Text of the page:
Is there life on other planets and moons in our Solar System?
Are there planets around other stars?
Are any of them like the Earth?
Is there intelligent life elsewhere in the universe?
Astronomy 1141, Life in the Universe, is an introduction to Astrobiology for non-science majors. It is a General Education (GE) Physical Science course in the Natural Science category. The goals of courses in this category are for students to understand the principles, theories, and methods of modern science, the relationship between science and technology, the implications of scientific discoveries and the potential of science and technology to address problems of the contemporary world.
For most of human history, we have known of exactly one planetary system, our own. In the past few decades, we have discovered many thousands of confirmed planets around other stars, with many thousand more candidate systems awaiting confirmation. We are starting to find planets that appear to be the size of Earth, and in regions around their parent stars where we might expect to find liquid water on such planets. This raises the possibility of other habitable planets in our universe from the realm of science fiction to the level of a question that can be addressed scientifically, the answer to which has potentially revolutionary implications for our species.
The topics covered in this course lie at the interfaces between Astronomy, Chemistry, Biology, and the Earth and Planetary Sciences. We will learn about scientists' ongoing quest for answers to some of the most fundamental human questions, chief among them: Are we alone in the universe?
By the end of this course, students should successfully be able to:
- Understand the basic facts, principles, theories, and methods of modern science.
- Understand key events in the development of science and recognize that science is an evolving body of knowledge.
- Describe the interdependence of scientific and technological developments.
- Recognize the social and philosophical implications of scientific discoveries and understand the potential of science and technology to address problems of the contemporary world.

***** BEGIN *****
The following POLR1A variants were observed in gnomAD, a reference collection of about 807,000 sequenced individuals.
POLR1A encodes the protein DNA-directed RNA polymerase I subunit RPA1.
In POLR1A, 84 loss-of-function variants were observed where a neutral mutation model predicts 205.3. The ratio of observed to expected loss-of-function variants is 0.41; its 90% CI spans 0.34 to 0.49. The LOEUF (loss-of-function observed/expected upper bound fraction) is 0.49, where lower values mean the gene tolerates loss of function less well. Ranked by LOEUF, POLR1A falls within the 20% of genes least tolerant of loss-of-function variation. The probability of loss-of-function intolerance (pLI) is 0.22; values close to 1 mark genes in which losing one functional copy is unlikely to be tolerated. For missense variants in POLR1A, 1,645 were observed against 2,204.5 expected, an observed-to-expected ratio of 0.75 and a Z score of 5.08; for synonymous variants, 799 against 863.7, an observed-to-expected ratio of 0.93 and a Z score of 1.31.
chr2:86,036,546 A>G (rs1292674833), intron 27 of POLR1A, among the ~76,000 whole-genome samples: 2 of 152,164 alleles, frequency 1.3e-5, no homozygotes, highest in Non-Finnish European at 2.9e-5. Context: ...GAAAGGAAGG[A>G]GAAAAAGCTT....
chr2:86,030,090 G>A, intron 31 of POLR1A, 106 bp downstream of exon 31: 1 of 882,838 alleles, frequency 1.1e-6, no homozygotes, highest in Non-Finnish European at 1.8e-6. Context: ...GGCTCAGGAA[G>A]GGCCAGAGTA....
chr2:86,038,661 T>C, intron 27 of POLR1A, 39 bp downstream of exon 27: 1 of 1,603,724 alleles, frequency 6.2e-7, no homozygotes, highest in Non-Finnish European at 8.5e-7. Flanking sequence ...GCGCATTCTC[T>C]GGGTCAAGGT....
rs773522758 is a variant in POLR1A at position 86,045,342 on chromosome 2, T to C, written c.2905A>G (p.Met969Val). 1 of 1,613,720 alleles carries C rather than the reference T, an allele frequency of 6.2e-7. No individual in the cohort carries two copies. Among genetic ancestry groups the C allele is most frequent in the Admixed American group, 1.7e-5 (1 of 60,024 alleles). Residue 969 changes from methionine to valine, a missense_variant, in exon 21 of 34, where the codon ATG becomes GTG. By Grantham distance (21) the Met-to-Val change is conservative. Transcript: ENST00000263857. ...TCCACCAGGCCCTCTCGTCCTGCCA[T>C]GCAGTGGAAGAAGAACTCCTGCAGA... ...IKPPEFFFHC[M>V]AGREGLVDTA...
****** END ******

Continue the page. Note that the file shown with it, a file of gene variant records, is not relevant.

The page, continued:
Astronomy 1141 will meet these expected outcomes by covering three topics:
- Life on Earth: The emergence and nature of life on the Earth
- Life in the Solar System: The potential for life on other planets in our Solar System
- Life in the Universe: The search for habitable worlds and life around other stars in our Galaxy.
Among the questions that you should be able to answer by the end of the course are the following:
- What is the scientific definition of life?
- What are the conditions on Earth that provide the requirements for life?
- How did life originate on the Earth and what is the history of life on our planet?
- What is the nature of our solar system, and are there places with conditions where life might have occurred?
- Are there planets around other stars? Are any of them potentially habitable?
- Is there intelligent life elsewhere in the universe?
- What is the long-term future of life in the universe?
This is a 3 credit hour course; each week, there will be 3 hours of lecture, with occasional take-home assignments designed to explore some of the course topics in greater depth. For Arts and Sciences students in a Bachelor of Arts program, this course meets the Arts and Sciences GE requirement of a natural sciences course without a laboratory component.
Course Catalog Description
The potential for life elsewhere in the universe, based on the discovery of extra-solar planets and the nature of life on Earth; Search strategies for such life.
Prerequisites: Not open to students with credit for 141.
This course is available for EM credit. GEL Natural Science: Physical Science course. NS Admis Cond course.